I was raised to be a glass is half empty kind of person. My eighty-eight year old father regularly begins a sentence with “the trouble is…” While embracing a gratitude practice has required a significant amount of discipline and commitment choosing to be mindful of the countless small blessings and simple pleasures that come my way hasn’t only enhanced my life, it’s transformed it. Feeling grateful on a daily basis has led to my being happier, more resilient, less stressed, and much more open.

I encourage you to notice what small things come your way tomorrow that you can be truly and sincerely grateful for and make a list of them at the end of the day.

Just a Few Resources

Gratitude: The Short Film by Louie Schwartzberg   

An Experiment in Gratitude

Ross Gay Reading from The Book of Delights

55 Gratitude Questions

How to Teach Children Gratitude

The Benefits of Gratitude for Stress Relief

How to Practice Gratitude This Thanksgiving

Mindfulness Benefits of Gratitude

Photo by wewe yang on Pexels.com

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Today was a perfect autumn day, the kind that calls me out of my head and into my senses. The kind that finds me with my car windows rolled down and the music loud. The kind that makes me feel giddy and free. The kind that’s drenched in vibrant color and sunshine during the day, and graced with the scent of baking apples and cinnamon at dinner time. The kind that says to me, “hey, just maybe you can spend each and every day living in ‘radical amazement’ – each and every day – even the hard ones.”

There’s such sweet celebration and melancholy in autumn – temperatures drifting down, mists rising, the ancient choreography of birds embarking on their long migration, the harvest moon – an enchanting paradise so soon to be lost as nature once again begins her inevitable journey into the frigid arms of winter.

While the autumn advances and the leaves deepen and dazzle before relinquishing their hold on the bodies that have sustained them, my mother’s own grasp weakens as her cancer progresses and her spirit quickens. My love of nature has never been more acute than in autumn and I have never loved my mother more fiercely than right now.

I walk along the shore of Wolfe’s Neck woods, hear crows cawing in the distance, tilt my face up towards a gentler sun that caresses now instead of scorches. I’m both awed and saddened at the same time. I wonder how much of life is at its most beautiful just before dying. Is this the truest bitter gift of death, that life becomes oh so much sweeter?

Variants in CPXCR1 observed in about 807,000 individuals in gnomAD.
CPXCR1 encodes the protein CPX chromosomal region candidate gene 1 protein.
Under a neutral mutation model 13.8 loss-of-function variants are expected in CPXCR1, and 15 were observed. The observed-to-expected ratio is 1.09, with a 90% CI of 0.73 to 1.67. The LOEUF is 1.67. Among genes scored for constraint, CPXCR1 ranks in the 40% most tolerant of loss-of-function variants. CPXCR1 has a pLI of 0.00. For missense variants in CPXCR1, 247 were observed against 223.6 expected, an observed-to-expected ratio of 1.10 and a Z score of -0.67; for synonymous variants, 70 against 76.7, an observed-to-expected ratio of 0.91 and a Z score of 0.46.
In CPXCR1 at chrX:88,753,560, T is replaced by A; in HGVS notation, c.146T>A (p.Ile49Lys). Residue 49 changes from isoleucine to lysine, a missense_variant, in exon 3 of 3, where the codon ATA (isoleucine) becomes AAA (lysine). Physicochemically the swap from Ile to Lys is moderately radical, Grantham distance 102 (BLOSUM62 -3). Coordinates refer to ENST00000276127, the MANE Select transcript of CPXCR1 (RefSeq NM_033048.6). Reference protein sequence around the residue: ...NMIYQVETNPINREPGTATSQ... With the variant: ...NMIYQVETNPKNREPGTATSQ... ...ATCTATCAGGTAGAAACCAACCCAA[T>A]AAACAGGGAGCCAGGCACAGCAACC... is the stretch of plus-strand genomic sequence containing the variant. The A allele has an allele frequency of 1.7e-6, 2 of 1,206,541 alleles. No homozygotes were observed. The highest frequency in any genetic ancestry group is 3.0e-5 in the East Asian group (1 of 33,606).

Abraham Joshua Heschel wrote, “Our goal should be to live life in radical amazement. ….get up in the morning and look at the world in a way that takes nothing for granted. Everything is phenomenal; everything is incredible; never treat life casually. To be spiritual is to be amazed.”

Ammidst the loss, the longing, the life, and the love, I am amazed……

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As Thanksgiving approaches, I’m reminded once again of the benefits to each of us of integrating a gratitude practice into our lives. Allowing ourselves to fully experience a sense of gratitude on a daily basis has proven to be highly beneficial to our minds, bodies, and souls (for more details about how this is so you might want to read, “Giving Thanks: The Effects of Joy and Gratitude on the Human Body” .)

Episcopal priest and author, Matthew Fox declares that gratitude is at the heart of his spirituality. Roman Catholic theologian, David Steindl-Rast, advices that gratitude is the source of our happiness, and Greek Philosopher, Epictetus, maintains that gratitude is a characteristic of wisdom. My own experience supports the assertions of these grateful sages.

When I practice gratitude on a daily basis I not only feel better, I believe that I become a better person. I’m more generous, appreciative, peaceful, and more easily open to wonder and awe. When my practice slips away, it’s not long before I notice the difference. I’m much more likely to be vulnerable to envy, discontentment, and anxiety. I worry more and sleep less; hoard more and give less; work more and celebrate less.

Melodie Beattie observed, “Gratitude unlocks the fullness of life. It turns what we have into enough, and more. It turns denial into acceptance, chaos into order, confusion into clarity…. It turns problems into gifts, failures into success, the unexpected into perfect timing, and mistakes into important events. Gratitude makes sense of our past, brings peace for today and creates a vision for tomorrow.” My life is fuller when I practice gratitude, it makes more sense, and it offers so many more gifts as my heart opens wider to them.

Gratitude Resources:


Selfless Gratitude

Spirituality & Practice: Gratitude

Lets Create more Grateful Organizations

Selfless Gratitude

Highlights from the Research Project on Gratitude and Thankfulness